By Emilio Camacho, Esq. I often hear complaints about boxing. Some of these complaints are superficial but others are especially serious. One of these has troubled me for several years now: Black fighters are not being efficiently promoted in today’s boxing world. In this article I argue that the improper management (or lack of careful management) of Black fighters has hurt the sport and its athletes for years. Let us discuss this in more detail.
By James Slater: Everyone loves a big puncher. We boxing fans may appreciate a super-stylish boxer, but a huge, all-out aggression minded banger is something we can admire in an altogether different way. There is nothing like a spectacular KO, the site of one man completely and utterly mastering another by way of a single, crushing blow. It can happen any second at all when two brave gladiators are in the ring, and both they and us know this all too well. Yet when a recognised puncher, a man known for his ability at landing lots of lethal punches throughout his career is in the ring, this possibility is much more likely. That’s why, as a general rule of thumb, history’s big punchers have been the biggest money earners/fan favourites. We simply love to see knockouts!
By James Slater: Last night in San Antonio, Texas, middleweight contenders Bryan Vera and Sergio Mora met in a rematch of their exciting Feb. 2011 clash, and once again Vera put in too much work for the former “Contender” star and one-time WBC light-middleweight ruler. Last time, Vera, 21-6(12) prevailed via ten-round split decision, this time the 30-year-old hammered out a 12-round majority verdict. The scores were as follows: 118-110, 117-111 and, somehow, 114-114.
By James Slater: Former World Boxing Council (WBC) heavyweight king Ken Norton has been in the news this week, but unfortunately for unpleasant reasons. The 69-year-old sadly suffered a stroke this week and he is currently in hospital, fighting hard.
By James Slater: I didn’t think it would take long for former 140-pound champ Amir Khan to give his opinion on the recent decision by the IBF to allow Lamont Peterson to retain his position as their 140-pound world champion. Khan, who was controversially out-pointed by Peterson last December, by a Peterson who was later caught taking PED’s, was never going to be happy that the IBF failed to follow the lead of the WBA and strip the admitted cheat.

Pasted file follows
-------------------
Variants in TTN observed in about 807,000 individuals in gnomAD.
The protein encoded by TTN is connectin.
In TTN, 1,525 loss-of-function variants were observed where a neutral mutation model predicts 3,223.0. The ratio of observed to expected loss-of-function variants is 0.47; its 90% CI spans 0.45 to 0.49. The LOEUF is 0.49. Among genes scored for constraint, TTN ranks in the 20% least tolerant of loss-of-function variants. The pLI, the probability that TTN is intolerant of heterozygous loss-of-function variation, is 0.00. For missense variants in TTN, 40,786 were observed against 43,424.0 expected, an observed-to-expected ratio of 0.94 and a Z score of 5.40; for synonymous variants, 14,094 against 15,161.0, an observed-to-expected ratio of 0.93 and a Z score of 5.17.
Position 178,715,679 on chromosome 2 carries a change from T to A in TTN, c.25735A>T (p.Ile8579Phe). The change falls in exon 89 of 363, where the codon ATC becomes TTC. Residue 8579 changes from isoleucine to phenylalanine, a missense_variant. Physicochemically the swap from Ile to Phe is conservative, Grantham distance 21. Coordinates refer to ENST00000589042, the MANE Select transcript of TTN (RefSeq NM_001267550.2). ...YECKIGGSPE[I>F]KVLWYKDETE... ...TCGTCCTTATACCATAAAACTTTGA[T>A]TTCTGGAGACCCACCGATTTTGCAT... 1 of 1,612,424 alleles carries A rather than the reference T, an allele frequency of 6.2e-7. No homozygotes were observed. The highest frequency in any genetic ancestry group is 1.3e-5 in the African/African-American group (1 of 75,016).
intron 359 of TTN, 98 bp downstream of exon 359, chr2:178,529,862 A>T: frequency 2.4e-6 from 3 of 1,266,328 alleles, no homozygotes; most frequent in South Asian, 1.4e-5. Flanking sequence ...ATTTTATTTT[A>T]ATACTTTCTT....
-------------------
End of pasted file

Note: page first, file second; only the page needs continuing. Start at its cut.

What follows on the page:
By James Slater: Raw yet powerful and energetic cruiserweight Lateef Kayode of Nigeria made his name by holding a big name veteran to a draw earlier this year, and now it seems the Freddie Roach-trained contender will try and go one better and KO a living legend.
By James Slater: The fallout to last December’s controversial Lamont Peterson-Amir Khan fight has finally settled. Peterson, guilty of taking an illegal substance going into his career biggest win, was subsequently stripped by the World Boxing Association (WBA) (the other belt he won with the 12-round decision) but the IBF has today announced that their findings deem it okay for “Havoc” to remain as their champion.
by Geoffrey Ciani – Over the course of a sixteen month period beginning in June 2009, I conducted a series of surveys that all began with a very simple question: Who are the ten best heavyweights of all time? While contemplating my own list of top heavyweight pugilists, I decided gathering the input of others might help display a more accurate portrayal of what a ‘true’ top 10 list should look like. Now of course this is not an exact science by any means. In fact, quite the opposite, it is an extremely subjective topic that is often skewed by personal bias, differences of opinion, individual tastes and preferences, and most importantly the absence of a universally agreed upon criteria with which to judge past fighters. Even with these inherent obstacles playing their natural role, however, we can still establish some degree of consensus.
The guidelines were simple. I had every person who voluntarily participated in each survey provide me with a chronological list of who they considered to be the ten best (heavyweights, middleweights, etc) in boxing history. Ties were not permitted, just a straight-forward list from one to ten. I then used a weighted-points system to assign values to fighters based on where they appeared on each individual’s list. First place votes received 25 points. Second place votes were worth 15 points, third place votes were 12, and fourth and fifth place votes were worth 10 and 8 points respectively. After that, the point differential was constant, with sixth place votes getting 5 points, seventh place votes getting 4, eighth getting 3, ninth place 2, and tenth place 1.
By John G. Thompson: This Friday at the Morongo Casino Resort & Spa in Cabazon, California, Darley Perez (25-0, 19 KO’s) will slug it out with Uzbekistan born Bahodir Mamadjonov (11-0, 7 KO’s) over the course of ten rounds or less. The two hard hitters put their undefeated records on the line live on ESPN2’s “Friday Night Fights” series. In the undercard, California native Chris “The Hitman” Avalos (19-2, 15 KO’s) faces undefeated Dominican Yenifel Vincente (23-0-2, 15 KO’s).
By Vitali Shaposhnikov: What started as minor financial difficulties such as child support, turned into a devastating economic down-spiral for Evander Holyfield. Just about a month ago, Holyfield was forced to sell his mansion just outside of Atlanta for $7.5 million, but that sale was of minimal benefit, as the champ owed the bank double that amount, and more than $200,000 in back taxes (http://www.tmz.com/2012/06/08/evander-holyfield-georgia-mansion-sold-auction/).